Curator Melissa Wolfe talks about the inspiration we can all take away from the Columbus Museum of Arts newest exhibition showcasing the work of home town hero George Bellows. George Bellows and the American Experience through January 4, 2014. This exhibition follows on the heels of a major retrospective of the artist organized by the [...]
Rare Faure and Delius on Symphony @ 7
We begin this week on Symphony @ 7 with not-often heard music from two composers, one French and one English, whose lives spanned the 19th and 20th centuries, Gabriel Faure and Frederick Delius.
Emeralds is a half hour suite of orchestral music by Faure that was used in the first section of the 1967 ballet Jewels by George Balanchine.Â Jewels has been called the first entirely abstract full-length ballet.Â It has no story or plot, and the dancers are dressed as jewels.Â The second section of the ballet,Â Rubies, uses music of Stravinsky, and the final part, Diamonds, has music by Tchaikovsky.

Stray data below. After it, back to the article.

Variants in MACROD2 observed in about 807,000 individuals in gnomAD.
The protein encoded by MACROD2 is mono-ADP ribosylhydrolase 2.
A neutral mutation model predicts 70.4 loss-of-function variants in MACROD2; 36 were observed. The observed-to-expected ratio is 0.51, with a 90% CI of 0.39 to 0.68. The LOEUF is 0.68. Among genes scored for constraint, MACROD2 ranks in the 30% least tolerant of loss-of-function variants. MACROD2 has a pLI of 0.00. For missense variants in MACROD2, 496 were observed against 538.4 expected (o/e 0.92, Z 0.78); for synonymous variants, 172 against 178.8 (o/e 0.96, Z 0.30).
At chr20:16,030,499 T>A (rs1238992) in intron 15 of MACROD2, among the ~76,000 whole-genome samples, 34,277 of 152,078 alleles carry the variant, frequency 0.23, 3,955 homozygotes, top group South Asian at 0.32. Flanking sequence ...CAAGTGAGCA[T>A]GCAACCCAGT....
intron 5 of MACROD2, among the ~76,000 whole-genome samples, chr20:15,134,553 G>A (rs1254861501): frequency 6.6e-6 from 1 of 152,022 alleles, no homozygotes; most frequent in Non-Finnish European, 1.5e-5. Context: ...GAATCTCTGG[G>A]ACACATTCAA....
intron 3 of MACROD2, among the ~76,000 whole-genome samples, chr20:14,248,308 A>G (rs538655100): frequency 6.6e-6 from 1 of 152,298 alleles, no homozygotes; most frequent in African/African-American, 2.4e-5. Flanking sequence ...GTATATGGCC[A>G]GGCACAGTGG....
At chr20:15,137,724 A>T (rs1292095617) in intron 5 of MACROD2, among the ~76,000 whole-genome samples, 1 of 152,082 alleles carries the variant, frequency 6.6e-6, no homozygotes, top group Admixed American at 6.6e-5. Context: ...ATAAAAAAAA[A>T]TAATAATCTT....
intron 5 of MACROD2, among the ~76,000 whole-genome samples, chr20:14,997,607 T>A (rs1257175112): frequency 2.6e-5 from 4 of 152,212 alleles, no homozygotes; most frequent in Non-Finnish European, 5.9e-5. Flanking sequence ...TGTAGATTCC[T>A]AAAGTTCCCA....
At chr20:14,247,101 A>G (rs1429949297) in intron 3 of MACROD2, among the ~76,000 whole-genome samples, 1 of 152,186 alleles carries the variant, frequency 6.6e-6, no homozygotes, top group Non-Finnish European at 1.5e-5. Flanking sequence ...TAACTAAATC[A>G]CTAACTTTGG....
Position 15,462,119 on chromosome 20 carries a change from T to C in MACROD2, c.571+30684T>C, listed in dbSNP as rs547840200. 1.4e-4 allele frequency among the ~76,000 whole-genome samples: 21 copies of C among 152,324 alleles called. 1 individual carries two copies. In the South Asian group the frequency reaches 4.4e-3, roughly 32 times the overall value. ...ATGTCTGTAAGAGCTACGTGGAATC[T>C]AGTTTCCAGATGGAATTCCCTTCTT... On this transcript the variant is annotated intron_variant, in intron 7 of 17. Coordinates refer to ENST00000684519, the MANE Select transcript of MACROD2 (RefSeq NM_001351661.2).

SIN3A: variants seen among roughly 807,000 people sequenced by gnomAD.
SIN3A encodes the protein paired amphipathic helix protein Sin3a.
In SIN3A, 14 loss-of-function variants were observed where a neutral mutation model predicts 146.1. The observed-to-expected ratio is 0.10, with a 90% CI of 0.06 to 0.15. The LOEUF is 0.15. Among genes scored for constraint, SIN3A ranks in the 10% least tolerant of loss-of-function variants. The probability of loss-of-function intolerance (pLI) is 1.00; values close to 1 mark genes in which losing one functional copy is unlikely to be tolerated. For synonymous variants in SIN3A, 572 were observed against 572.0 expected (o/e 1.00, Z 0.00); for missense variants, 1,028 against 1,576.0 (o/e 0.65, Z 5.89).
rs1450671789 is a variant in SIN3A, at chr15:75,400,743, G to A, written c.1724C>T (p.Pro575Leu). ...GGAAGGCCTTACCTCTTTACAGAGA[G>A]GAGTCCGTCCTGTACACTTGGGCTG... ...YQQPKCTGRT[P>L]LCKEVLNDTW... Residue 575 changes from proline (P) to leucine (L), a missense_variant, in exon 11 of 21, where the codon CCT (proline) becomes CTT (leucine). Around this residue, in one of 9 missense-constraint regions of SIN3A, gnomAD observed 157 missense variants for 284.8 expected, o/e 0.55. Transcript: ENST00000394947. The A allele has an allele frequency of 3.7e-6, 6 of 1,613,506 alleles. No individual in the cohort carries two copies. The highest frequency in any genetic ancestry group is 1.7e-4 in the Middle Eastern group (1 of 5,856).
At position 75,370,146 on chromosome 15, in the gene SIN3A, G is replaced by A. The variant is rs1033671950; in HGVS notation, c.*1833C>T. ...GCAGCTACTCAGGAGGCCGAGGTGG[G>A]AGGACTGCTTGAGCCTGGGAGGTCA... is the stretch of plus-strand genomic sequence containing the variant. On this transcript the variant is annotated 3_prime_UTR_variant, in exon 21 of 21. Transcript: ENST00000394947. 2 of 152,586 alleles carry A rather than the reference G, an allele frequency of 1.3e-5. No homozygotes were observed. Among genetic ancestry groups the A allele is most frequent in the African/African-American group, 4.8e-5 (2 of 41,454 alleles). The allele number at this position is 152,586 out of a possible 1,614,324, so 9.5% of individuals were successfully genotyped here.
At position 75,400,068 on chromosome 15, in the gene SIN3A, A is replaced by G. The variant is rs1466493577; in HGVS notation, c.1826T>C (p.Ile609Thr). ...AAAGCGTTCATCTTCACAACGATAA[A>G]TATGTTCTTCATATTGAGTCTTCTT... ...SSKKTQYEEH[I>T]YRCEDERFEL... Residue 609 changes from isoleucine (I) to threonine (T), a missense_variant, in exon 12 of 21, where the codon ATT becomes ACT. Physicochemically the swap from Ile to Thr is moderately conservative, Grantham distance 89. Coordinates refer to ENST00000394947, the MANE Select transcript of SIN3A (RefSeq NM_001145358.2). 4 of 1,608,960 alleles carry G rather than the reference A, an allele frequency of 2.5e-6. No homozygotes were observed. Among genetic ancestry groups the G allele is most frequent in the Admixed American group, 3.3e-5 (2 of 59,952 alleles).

Gabriel Faure’s music for Emeralds, which is mostly soft and gentle, consists of selections from his 1898 suite of incidental music for the symbolist play Pelleas and Melisande by Maurice Maeterlinck, and earlier music from Shylock from 1889.Â Shylock is a comedy by Edmond Haraucourt based on Shakespeare, for which Faure composed incidental music.
Frederick Delius was inspired by a short story of Swiss writer Gottfried Keller, Romeo und Julia auf dem Dorfe, to write his opera, A Village Romeo and Juliet, which premiered in Berlin in1907 and in England three years later at Covent Garden.Â Delius and his wife wrote the English language libretto for this ultimately sad story of “a pair of star-crossed lovers” who take their own lives.Â The opera is not staged often, but the orchestral interlude, The Walk to the Paradise Garden, is often heard on its own in recordings and sometimes in concert.
This evening on Symphony @ 7, we’ll have a twenty-six minute suite of music drawn from the opera A Village Romeo and Juliet and EmeraldsÂ from the ballet Jewels with music of Gabriel Faure.Â Join me for an hour of musical rarities here on Classical 101.